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Thomas v. Mercy Hospitals East Communities
Supreme Court of Missouri, En Banc
August 1, 2017
THADDEUS THOMAS, a Minor, by and through his Next Friend, Marlin Thomas, and MARLIN THOMAS and MA SHERYLL JOY THOMAS, Individually, Appellants,
MERCY HOSPITALS EAST COMMUNITIES, d/b/a MERCY HOSPITAL-WASHINGTON, and MERCY CLINIC EAST COMMUNITIES, Respondents.
from the Circuit Court of Franklin County, Missouri Honorable
Gael D. Wood, Judge
Denvir Stith, Judge
appeal the judgment entered by the trial court in favor of
defendant hospitals following a jury trial. Plaintiffs allege
the trial court abused its discretion by failing to strike
for cause prospective juror 24 because she expressed a
disqualifying bias in favor of defendants under section
494.470.1. This Court does not agree.
Prospective juror 24 did not say she had knowledge concerning
the "matter or any material fact in controversy"
from which to form an opinion requiring her disqualification
under subsection 1. The trial court did not abuse its
discretion in finding, without additional questioning, she
was rehabilitated when the entire voir dire was considered,
including her later statement that she could follow the trial
court's instructions. See section 494.470.2. The
trial court was in the best position to determine whether the
prospective juror was disqualified. This Court affirms.
March 13, 2013, plaintiffs filed a lawsuit alleging medical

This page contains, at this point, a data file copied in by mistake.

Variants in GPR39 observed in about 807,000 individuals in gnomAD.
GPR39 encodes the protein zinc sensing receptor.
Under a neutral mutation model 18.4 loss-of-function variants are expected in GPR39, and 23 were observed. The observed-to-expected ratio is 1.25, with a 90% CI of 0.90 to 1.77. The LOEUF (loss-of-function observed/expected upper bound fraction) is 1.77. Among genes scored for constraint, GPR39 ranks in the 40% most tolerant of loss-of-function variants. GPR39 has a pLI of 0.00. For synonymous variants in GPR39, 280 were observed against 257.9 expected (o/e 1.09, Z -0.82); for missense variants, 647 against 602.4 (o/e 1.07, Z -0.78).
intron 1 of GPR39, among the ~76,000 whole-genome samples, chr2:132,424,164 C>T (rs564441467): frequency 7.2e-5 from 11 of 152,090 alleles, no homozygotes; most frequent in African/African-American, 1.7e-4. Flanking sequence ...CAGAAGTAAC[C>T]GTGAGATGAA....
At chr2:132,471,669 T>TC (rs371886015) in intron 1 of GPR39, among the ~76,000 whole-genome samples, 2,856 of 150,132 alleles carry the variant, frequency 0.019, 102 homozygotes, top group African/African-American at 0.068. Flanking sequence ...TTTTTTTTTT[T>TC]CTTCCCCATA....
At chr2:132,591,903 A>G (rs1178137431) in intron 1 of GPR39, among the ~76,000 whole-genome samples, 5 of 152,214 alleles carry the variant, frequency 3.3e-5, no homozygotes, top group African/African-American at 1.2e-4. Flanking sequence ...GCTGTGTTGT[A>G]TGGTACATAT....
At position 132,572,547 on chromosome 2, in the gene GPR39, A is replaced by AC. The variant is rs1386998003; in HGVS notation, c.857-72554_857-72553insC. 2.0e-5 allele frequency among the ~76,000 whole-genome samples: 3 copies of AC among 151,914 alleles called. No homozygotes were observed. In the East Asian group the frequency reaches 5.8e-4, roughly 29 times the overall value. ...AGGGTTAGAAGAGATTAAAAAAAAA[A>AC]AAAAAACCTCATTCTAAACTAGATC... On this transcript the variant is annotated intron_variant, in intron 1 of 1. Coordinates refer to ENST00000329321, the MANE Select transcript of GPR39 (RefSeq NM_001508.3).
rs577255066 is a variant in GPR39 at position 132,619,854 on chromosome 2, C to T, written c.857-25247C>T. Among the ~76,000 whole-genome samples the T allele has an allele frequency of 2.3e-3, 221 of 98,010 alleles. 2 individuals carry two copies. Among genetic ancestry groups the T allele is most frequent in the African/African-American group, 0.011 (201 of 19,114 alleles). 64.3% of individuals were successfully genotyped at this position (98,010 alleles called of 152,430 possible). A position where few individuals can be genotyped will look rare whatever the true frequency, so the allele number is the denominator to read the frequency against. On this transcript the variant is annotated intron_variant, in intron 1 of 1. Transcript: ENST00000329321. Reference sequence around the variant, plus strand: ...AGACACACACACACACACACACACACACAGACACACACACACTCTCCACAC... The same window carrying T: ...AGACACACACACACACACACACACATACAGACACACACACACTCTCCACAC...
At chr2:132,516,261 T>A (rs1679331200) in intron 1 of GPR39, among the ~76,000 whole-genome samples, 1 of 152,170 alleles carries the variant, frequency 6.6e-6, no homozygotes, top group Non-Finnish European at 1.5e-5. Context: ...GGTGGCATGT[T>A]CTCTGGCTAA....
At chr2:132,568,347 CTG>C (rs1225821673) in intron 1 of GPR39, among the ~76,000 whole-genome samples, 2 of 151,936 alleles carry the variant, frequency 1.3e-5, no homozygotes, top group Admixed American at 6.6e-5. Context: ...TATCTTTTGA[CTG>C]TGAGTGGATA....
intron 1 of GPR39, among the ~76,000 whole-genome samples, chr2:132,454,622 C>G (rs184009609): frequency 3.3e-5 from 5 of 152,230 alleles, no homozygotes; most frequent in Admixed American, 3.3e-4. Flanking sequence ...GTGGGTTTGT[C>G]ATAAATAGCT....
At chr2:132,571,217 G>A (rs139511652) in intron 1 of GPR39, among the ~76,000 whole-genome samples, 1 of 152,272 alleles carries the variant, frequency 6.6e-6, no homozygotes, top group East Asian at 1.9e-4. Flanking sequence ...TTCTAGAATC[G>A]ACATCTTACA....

negligence in connection with the Caesarean-section delivery
of Thaddeus Thomas, claiming defendants caused him to sustain
brain damage. During voir dire, plaintiffs' counsel
informed the venire panel, "[T]his case involves Mercy
Clinics, Mercy Clinic Physicians, as the defendant and Mercy
Clinic Hospital. Just knowing that they are defendants in
this case, is there anyone that feels they might start off
the case a little bit more in favor of one party or the
other?" Prospective juror 24 raised her hand, and the
following exchange took place:
JUROR: Is Big St. John's and this hospital affiliated?
PL COUNSEL: Probably - well, you called it St. John's,
and I used to call them St. John's because I grew up in
Missouri. But I think - I would -
JUROR: It's Mercy.
PL COUNSEL: Yeah, that's it, right.
JUROR: But it used to be called St. John's so.
PL COUNSEL: Right. And you will - the child was eventually
transferred to Mercy, Big Mercy as you called it, at some
JUROR: That's what they call it.
PL COUNSEL: Okay. So the same question, because you know
people there, know - have some knowledge of that and a
relationship with that organization indirectly, would you
tend to give them more credibility or that defendant maybe,
in this case the local one, start off -
JUROR: I don't think so.
PL COUNSEL: Okay. I think I hear where you're going with
this, but as a lawyer, I have to try to make sure things are
clear. You say you don't think so, but later on you did
decide you were - they started off a step in advance, that
would be -
JUROR: Well, I've heard my sister have lots of opinions
of St. John's so, you know.
PL COUNSEL: So ultimately, can you sit through this whole
case without starting off a little bit in favor of Mercy or
St. John's, as you call them, or would you start off with
them having a touch in favor of them?
JUROR: I don't - maybe - yeah, probably.
PL COUNSEL: Maybe you would be slightly in favor of them?
JUROR: Yep, probably.
PL COUNSEL: Okay. And, you know, that's - that's all
I'm trying to get is the best answer you can give, and
you seem ...